Reply by Cosmicsniper

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Posted on To distress or not to distress....

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2202 posts in 3185 days

#1 posted 04-28-2013 04:53 PM

“Perfecting imperfection.” I like that, redSLED.

To me, I like it for country-style pieces with soft woods. My thought is that by pre-stressing the piece, you don’t have to worry when the normal dents and dings happen…which inevitably happens with regularity with things like pine and fir. Plus, it’s just part of the rustic look. It doesn’t require and paint or finish to achieve the look, and in fact is likely done with a natural finish topped with wax.

Similar for shaker-like pieces, which an be distressed in a fashion like Lee described…though I like milk paint instead of latex.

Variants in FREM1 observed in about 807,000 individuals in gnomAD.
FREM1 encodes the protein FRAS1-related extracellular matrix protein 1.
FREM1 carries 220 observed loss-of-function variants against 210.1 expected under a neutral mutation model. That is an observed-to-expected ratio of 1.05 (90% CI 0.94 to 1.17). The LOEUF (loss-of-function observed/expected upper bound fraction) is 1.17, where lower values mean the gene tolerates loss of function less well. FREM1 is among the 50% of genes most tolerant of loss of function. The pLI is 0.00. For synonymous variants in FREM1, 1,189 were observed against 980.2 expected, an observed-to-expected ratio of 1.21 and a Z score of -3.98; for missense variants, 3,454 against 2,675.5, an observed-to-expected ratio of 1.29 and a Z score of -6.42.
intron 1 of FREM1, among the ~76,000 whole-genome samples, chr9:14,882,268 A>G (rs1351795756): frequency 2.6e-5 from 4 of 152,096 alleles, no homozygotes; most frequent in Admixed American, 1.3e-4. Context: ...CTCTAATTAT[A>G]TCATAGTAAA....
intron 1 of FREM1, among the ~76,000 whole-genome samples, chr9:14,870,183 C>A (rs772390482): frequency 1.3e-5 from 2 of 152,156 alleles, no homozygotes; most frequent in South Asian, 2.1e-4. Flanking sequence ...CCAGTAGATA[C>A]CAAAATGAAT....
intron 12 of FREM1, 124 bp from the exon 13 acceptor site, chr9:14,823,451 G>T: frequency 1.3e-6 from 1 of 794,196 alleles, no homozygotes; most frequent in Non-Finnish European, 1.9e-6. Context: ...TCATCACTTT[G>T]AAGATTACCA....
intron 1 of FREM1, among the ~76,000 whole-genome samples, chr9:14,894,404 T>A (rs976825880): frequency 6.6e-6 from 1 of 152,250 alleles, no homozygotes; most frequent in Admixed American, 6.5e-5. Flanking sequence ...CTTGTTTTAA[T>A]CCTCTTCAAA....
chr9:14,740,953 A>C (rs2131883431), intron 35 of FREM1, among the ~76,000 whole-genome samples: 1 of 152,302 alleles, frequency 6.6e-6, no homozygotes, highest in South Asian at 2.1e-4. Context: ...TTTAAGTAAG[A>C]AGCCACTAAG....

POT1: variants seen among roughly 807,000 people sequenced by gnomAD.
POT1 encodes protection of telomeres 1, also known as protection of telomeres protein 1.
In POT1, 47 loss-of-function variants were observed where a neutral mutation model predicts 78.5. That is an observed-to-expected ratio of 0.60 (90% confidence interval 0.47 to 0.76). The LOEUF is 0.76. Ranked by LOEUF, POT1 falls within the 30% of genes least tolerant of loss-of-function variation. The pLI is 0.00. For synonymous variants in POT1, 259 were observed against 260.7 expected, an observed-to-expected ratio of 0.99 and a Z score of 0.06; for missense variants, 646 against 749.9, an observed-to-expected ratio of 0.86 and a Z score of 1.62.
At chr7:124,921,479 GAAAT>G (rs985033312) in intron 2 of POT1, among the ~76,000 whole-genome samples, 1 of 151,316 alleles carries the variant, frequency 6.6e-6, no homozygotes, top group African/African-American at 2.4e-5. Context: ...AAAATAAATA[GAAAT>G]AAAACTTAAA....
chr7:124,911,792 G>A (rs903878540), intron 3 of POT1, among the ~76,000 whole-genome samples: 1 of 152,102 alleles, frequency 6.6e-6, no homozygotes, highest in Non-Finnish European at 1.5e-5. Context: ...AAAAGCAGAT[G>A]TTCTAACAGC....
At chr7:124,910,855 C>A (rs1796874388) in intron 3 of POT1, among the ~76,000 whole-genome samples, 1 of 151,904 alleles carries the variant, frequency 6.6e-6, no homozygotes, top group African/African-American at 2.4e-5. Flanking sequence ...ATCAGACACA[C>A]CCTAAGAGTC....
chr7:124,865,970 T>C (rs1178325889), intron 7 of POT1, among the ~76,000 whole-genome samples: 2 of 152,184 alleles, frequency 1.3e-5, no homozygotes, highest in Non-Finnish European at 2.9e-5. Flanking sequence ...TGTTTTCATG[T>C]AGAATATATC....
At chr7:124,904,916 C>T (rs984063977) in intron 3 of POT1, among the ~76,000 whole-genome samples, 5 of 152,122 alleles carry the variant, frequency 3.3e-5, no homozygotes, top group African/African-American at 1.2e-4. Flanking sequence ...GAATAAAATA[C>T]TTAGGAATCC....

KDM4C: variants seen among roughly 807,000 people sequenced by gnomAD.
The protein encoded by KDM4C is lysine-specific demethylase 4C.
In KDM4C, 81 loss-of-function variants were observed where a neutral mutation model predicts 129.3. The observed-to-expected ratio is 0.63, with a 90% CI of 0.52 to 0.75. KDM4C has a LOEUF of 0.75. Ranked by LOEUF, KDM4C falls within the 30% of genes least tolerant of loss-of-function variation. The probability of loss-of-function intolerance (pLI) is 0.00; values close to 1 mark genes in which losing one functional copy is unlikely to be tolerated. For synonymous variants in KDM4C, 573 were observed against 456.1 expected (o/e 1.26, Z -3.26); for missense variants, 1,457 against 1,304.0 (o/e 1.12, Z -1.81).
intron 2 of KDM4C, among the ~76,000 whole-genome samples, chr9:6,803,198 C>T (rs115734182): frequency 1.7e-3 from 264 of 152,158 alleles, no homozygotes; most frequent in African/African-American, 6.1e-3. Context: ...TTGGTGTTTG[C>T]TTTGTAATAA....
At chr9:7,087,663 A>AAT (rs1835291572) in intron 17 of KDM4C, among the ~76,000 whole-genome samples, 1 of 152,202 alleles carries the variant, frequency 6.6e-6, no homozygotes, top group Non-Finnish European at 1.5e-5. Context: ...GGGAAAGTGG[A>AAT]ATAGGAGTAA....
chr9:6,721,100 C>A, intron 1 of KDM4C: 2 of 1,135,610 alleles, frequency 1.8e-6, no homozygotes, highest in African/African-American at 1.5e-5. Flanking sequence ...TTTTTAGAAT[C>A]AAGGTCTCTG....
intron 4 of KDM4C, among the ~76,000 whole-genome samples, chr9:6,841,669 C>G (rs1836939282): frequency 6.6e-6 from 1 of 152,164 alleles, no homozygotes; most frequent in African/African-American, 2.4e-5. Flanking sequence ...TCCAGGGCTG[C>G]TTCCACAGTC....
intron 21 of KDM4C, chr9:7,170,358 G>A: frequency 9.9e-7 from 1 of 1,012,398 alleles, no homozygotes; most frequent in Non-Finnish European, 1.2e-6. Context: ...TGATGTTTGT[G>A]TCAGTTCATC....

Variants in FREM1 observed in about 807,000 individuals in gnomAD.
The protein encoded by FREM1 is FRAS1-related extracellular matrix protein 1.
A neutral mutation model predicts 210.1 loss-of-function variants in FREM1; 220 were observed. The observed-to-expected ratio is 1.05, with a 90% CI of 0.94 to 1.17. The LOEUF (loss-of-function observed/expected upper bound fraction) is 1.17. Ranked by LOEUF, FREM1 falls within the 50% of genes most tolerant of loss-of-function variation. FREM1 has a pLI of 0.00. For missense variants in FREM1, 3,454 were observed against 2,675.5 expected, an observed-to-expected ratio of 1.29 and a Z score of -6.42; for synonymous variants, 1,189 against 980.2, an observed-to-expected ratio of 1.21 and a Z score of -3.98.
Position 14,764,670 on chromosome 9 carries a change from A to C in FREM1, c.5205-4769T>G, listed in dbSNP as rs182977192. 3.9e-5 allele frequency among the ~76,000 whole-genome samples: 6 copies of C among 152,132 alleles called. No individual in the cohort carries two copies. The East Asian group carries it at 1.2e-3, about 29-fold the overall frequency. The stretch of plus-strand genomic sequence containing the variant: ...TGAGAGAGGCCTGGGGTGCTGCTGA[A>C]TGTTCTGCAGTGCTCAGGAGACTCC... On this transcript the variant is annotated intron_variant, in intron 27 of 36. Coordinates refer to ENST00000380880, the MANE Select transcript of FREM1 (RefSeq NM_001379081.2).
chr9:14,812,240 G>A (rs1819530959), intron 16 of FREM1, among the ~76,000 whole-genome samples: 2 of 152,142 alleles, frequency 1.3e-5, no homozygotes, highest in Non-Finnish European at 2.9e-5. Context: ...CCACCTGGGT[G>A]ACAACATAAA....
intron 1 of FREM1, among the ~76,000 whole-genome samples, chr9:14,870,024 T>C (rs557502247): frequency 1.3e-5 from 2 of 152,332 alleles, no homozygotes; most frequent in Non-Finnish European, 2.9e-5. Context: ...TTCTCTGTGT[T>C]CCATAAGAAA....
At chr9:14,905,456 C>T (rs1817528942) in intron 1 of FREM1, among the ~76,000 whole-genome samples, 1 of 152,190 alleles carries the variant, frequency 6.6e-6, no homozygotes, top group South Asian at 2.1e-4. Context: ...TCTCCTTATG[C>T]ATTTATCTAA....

Other methods, which look really phony to me, use artificial wormholes and other stresses in combination with a hard film finish of some kind. These often include artificial looking glazes as well. It’s an okay look, but looks too mass-produced and off-the-shelf for my tastes…too manufactured looking.

In short, I think it has its place depending on the goal. But it also allows you to use less-quality lumber in a project, especially for a rustic look.

-- jay,

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